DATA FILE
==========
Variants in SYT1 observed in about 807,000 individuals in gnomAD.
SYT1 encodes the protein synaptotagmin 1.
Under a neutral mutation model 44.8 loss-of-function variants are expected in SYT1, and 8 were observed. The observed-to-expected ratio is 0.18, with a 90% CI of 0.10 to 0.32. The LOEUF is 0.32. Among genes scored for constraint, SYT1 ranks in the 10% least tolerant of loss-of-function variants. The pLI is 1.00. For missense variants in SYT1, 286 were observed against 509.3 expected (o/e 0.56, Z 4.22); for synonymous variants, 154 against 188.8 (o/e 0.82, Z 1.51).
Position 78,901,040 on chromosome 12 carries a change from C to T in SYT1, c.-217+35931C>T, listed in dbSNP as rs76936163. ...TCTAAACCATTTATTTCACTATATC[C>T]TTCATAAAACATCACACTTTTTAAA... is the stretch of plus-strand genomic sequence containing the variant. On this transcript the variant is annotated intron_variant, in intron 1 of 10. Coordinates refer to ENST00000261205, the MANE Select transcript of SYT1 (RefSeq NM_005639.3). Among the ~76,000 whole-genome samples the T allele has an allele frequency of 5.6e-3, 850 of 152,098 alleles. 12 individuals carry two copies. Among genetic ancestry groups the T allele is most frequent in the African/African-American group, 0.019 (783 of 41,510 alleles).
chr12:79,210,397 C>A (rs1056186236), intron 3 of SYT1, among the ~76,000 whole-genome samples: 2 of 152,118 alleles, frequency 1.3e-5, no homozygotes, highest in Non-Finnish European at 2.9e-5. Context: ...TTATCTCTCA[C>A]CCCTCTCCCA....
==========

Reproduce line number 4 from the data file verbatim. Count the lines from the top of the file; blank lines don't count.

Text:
Position 78,901,040 on chromosome 12 carries a change from C to T in SYT1, c.-217+35931C>T, listed in dbSNP as rs76936163. ...TCTAAACCATTTATTTCACTATATC[C>T]TTCATAAAACATCACACTTTTTAAA... is the stretch of plus-strand genomic sequence containing the variant. On this transcript the variant is annotated intron_variant, in intron 1 of 10. Coordinates refer to ENST00000261205, the MANE Select transcript of SYT1 (RefSeq NM_005639.3). Among the ~76,000 whole-genome samples the T allele has an allele frequency of 5.6e-3, 850 of 152,098 alleles. 12 individuals carry two copies. Among genetic ancestry groups the T allele is most frequent in the African/African-American group, 0.019 (783 of 41,510 alleles).